Your doctor may prescribe a traditional DMARD to help reduce inflammation and slow potential joint damage psoriatic arthritis causes.
These drugs have broad effects on the immune system. They’re also much slower to take effect than NSAIDs and can cause more serious side effects related to the lungs and kidneys.
Some types of traditional DMARDs used to treat psoriatic arthritis include:
- methotrexate (Trexall)
- sulfasalazine (Azulfidine)
- cyclosporine (Neoral, Sandimmune)
- leflunomide (Arava)
These drugs may be used alone or in combination with each other, depending on your doctor’s recommendations.
Immunosuppressants help with immune system suppression for people with psoriatic arthritis.
A frequently used immunosuppressant is azathioprine (Imuran). This drug is used when other traditional drugs don’t work.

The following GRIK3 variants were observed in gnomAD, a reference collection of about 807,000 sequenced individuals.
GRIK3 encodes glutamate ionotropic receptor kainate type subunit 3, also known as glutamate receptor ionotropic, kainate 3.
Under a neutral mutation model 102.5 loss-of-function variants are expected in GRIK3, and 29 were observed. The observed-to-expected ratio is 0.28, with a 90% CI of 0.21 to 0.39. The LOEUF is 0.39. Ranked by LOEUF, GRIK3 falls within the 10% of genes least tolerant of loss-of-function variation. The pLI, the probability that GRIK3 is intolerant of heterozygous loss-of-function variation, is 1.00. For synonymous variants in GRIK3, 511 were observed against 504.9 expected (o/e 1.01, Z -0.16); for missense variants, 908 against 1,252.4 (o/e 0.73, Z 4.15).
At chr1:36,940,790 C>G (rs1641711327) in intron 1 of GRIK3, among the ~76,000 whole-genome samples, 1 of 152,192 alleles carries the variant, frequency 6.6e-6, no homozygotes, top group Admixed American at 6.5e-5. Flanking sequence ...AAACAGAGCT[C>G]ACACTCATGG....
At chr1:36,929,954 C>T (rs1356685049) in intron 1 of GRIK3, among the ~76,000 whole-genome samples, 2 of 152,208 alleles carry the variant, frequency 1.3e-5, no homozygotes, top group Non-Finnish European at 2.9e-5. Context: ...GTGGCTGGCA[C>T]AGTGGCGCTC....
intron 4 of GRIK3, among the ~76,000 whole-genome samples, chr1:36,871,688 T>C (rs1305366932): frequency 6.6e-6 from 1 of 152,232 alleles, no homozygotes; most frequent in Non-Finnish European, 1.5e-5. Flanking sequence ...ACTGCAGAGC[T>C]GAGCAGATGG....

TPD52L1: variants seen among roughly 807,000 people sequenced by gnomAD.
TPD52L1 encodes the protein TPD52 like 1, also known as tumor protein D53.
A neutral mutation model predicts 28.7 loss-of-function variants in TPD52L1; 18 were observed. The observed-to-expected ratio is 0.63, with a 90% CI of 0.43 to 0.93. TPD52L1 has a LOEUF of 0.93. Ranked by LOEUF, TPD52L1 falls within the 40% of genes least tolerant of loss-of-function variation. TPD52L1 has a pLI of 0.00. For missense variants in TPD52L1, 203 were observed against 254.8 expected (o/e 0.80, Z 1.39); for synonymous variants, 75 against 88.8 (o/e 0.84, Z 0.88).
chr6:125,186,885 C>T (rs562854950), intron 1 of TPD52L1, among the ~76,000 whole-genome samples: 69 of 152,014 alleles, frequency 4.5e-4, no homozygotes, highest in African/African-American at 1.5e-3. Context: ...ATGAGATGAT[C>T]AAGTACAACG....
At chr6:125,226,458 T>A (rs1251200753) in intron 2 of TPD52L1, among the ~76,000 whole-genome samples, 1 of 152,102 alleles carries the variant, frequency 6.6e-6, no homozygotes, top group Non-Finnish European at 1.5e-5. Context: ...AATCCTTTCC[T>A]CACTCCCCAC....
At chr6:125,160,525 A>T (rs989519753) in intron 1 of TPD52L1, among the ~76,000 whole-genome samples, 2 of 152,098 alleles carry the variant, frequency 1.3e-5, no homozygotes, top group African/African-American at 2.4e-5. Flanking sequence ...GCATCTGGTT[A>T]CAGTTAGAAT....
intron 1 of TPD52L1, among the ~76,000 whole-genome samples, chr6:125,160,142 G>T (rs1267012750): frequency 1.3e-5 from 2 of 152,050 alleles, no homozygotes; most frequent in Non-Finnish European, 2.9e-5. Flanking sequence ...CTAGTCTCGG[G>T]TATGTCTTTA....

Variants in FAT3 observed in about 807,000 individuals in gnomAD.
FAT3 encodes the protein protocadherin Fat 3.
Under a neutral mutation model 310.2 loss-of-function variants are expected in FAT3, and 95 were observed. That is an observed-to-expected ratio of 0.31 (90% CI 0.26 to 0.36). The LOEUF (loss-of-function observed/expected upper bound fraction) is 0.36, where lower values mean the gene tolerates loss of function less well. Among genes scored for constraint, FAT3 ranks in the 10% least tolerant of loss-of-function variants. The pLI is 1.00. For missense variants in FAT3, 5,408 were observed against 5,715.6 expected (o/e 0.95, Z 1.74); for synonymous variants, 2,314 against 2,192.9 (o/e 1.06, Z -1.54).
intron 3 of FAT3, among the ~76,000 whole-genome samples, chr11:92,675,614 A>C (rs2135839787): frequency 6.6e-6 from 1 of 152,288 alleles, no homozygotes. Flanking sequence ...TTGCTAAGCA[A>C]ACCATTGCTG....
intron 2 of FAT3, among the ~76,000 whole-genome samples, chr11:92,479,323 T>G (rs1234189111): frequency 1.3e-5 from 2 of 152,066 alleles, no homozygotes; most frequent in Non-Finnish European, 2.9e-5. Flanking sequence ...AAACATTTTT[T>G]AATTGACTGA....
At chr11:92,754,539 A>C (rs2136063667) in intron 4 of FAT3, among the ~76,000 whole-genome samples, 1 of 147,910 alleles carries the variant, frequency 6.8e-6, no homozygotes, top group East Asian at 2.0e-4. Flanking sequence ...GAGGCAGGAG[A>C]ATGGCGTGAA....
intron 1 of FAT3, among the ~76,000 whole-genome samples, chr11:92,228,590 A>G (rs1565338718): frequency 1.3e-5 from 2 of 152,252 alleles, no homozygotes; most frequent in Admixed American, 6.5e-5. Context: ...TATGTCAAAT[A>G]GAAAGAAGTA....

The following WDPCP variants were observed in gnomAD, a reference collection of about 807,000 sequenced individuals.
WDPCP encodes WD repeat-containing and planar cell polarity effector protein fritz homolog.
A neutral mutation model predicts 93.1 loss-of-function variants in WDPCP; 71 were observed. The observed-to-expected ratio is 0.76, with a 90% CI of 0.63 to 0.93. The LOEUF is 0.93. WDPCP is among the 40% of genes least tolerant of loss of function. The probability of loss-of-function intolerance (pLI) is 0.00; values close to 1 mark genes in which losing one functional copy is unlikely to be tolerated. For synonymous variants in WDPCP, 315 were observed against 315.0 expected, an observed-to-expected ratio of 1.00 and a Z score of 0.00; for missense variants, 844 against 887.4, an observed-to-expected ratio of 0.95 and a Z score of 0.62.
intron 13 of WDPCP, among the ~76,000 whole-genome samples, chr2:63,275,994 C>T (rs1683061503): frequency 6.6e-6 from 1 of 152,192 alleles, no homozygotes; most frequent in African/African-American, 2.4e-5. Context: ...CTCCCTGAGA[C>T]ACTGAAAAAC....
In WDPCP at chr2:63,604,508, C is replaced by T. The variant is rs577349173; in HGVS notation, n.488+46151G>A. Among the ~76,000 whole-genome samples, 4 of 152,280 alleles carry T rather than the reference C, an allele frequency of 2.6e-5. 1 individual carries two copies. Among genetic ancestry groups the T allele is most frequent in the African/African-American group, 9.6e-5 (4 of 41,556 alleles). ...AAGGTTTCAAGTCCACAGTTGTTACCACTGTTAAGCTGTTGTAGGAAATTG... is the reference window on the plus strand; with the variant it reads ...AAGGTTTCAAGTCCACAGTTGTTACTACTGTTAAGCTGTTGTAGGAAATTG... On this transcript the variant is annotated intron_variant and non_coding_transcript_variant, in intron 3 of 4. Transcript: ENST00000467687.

Immunosuppressants must be taken with extreme caution under the direction of a doctor because of their risk of side effects.
These drugs can cause:
- liver and kidney dysfunction
They are generally only prescribed for very serious cases of psoriatic arthritis.
Biologics are a newer type of DMARD. They work to target specific parts of your immune system that are causing the inflammation and joint damage associated with psoriatic arthritis.
There are several different classes of biologic. These classifications are made based off of the specific part of the immune system that the biologic targets.
Some biologics that may be used to treat psoriatic arthritis include:
- tumor necrosis factor (TNF) alpha inhibitors, such as: